Teacher Enoch Burke fails to get order to be freed from prison and resume teaching at Co Westmeath school

Several people in court shouted at the judge and one man described her decision as ‘a disgrace’ at Wednesday’s High Court hearing

Teacher Enoch Burke has been refused a High Court injunction which would have paved the way for his release from Mountjoy Prison and his return to a school which has placed him on paid suspension pending a disciplinary process.

Ms Justice Eileen Roberts said she was satisfied Mr Burke had not made out a strong case for the orders sought and that the balance of convenience was against granting them.

Three of the injunctions sought, which aimed to restrain the disciplinary process against him, did not need to be addressed now in light of Wilson Hospital School’s undertaking not to take further steps in that process without giving three days notice to Mr Burke of any such steps, she ruled.

His complaints about the legality of the decisions to put him on paid administrative leave and to invoke the disciplinary process could not be addressed at an injunctions hearing and would be decided at the full hearing of the proceedings between him and the school, she said.


What he was effectively seeking in the fourth injunction application was a mandatory order which would restrain the school continuing his paid administrative leave, pending a disciplinary process, and pave the way for his return to the school, she said.

She had to balance the school’s need to function without further disruption to its pupils and its obligations to all students, including a child subject of a direction by the principal to all staff. That direction, which Mr Burke has said was contrary to his Christian beliefs and his opposition to transgenderism, was to address the student, who is transitioning, by their preferred name and the pronoun “they”.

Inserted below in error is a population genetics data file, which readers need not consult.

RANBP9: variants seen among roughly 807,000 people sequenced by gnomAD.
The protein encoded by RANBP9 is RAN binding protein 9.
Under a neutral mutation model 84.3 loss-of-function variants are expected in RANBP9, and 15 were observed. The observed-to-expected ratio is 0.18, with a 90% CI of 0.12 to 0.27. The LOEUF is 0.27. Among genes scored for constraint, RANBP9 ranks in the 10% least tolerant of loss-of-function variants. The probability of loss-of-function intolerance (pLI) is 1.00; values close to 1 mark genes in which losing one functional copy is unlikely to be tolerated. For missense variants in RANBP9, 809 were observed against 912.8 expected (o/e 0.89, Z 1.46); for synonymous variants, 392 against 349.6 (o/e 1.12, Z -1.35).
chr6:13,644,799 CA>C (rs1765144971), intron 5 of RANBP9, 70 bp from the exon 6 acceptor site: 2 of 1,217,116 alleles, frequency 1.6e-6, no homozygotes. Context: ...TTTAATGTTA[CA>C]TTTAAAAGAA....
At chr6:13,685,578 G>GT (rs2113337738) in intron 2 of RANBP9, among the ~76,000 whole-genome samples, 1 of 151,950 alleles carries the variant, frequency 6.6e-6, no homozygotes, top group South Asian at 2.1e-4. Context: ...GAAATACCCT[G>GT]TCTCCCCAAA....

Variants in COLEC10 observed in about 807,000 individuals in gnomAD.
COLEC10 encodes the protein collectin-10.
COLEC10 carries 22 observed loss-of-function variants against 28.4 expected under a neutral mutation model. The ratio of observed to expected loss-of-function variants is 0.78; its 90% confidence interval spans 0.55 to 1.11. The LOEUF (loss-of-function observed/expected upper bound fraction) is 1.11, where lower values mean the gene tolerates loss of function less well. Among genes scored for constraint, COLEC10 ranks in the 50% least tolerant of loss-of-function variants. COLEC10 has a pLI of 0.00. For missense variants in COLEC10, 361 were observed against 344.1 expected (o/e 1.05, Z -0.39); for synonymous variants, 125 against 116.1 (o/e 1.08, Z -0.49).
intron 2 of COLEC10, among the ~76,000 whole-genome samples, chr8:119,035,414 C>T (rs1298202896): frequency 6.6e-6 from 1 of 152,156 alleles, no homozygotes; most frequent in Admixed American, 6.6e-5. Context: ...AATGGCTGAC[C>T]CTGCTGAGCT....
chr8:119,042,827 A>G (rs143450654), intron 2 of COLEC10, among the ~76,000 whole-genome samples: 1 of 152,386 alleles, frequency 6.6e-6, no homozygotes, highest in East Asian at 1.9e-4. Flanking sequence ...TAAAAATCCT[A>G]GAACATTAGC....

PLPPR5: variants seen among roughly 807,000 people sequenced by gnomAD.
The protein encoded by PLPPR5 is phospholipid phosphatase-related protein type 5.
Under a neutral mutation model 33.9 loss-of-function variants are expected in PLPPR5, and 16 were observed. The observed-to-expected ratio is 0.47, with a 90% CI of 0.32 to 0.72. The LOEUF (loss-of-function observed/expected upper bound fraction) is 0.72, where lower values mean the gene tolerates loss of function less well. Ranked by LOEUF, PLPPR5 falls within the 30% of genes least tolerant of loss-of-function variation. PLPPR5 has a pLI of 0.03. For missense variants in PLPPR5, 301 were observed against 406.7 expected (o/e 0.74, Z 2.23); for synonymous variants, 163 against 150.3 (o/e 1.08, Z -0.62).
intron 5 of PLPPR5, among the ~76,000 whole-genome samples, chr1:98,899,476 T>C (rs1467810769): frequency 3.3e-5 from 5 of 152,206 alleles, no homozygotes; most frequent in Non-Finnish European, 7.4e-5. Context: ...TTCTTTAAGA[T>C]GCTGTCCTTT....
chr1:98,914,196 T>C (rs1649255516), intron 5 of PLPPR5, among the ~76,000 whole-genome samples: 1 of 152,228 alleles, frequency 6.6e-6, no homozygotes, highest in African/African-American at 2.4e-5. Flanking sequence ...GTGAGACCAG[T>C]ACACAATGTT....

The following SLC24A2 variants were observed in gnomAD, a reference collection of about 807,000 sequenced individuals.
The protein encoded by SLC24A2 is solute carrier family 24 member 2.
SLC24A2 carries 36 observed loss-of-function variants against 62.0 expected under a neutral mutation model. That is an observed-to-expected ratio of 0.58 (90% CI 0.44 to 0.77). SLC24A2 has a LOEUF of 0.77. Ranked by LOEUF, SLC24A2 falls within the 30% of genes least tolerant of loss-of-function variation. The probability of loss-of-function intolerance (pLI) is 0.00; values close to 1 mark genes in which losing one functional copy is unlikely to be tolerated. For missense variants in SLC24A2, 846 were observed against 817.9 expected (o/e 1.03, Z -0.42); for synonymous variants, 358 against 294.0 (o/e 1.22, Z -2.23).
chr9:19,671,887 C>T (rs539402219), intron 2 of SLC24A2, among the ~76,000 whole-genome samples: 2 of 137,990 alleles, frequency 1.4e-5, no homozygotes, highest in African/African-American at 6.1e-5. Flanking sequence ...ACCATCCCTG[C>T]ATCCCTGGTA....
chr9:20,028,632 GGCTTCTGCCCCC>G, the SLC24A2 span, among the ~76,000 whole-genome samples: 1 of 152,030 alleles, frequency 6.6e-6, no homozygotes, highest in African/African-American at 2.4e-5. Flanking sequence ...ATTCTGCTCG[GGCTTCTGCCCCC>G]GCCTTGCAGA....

The judge said Mr Burke is entitled to hold his religious beliefs, which she had no doubt were genuine, but the decision by the school to place him on paid administrative leave was not an attack on those beliefs.

She also told Mr Burke it was important he not conflate his right to religious belief with the basis for the court proceedings.

After her decision, several people in court shouted at the judge, one man described her decision as “a disgrace” and several shouted support for Mr Burke.

Mr Burke was committed to Mountjoy Prison last week for contempt of a court order not to attend at the school but was produced in court on Wednesday to make his application.

His parents, sister Ammi and brother Isaac were in court as were several onlookers, including supporters of Mr Burke and a man wearing a T-shirt with the slogan: ‘Freemasonry is the virus’.

Mr Burke argued he had a “strong” case for the injunctions, on grounds including the process breaches his constitutional right to free profession of religious belief, had gone “irredeemably wrong” and his suspension is “legally unsustainable”.

He said a report compiled last August by Niamh McShane, the then principal of the school, which invoked the disciplinary process, goes far beyond evidence gathering and contains findings “deeply prejudicial” to him with the effect he will not get a fair hearing in the process.

He said he had asked a “meek and milk” question at a school event last June about the principal’s direction to staff to refer to a transitioning student by their preferred name and as “they” but the August report presented his interaction with the principal in a way that suggested he was “some sort of monster”.

Rosemary Mallon, barrister for the school, urged the court to refuse the injunctions, saying there was no basis for them.

Mr Burke was effectively seeking to appeal to the High Court against a High Court order, “which could not be done”, and to be freed from prison without purging his contempt and to resume teaching in breach of a court order and his paid suspension, she said.

The legality of the suspension is a matter to be determined at a full hearing of the school’s proceedings against Mr Burke, not at this injunctions hearing, she said.

The disciplinary process is not complete and conclusions have not been reached despite claims by Mr Burke to the contrary, she added.

He had made clear, if he gets the orders, he will be back in school immediately and this was of “grave concern” to the board of management. Mr Burke was not prejudiced if the injunctions were refused because he continues to be paid and the fact of his continued imprisonment is down to him refusing to purge his contempt, counsel added.

Mary Carolan

Mary Carolan

Mary Carolan is the Legal Affairs Correspondent of the Irish Times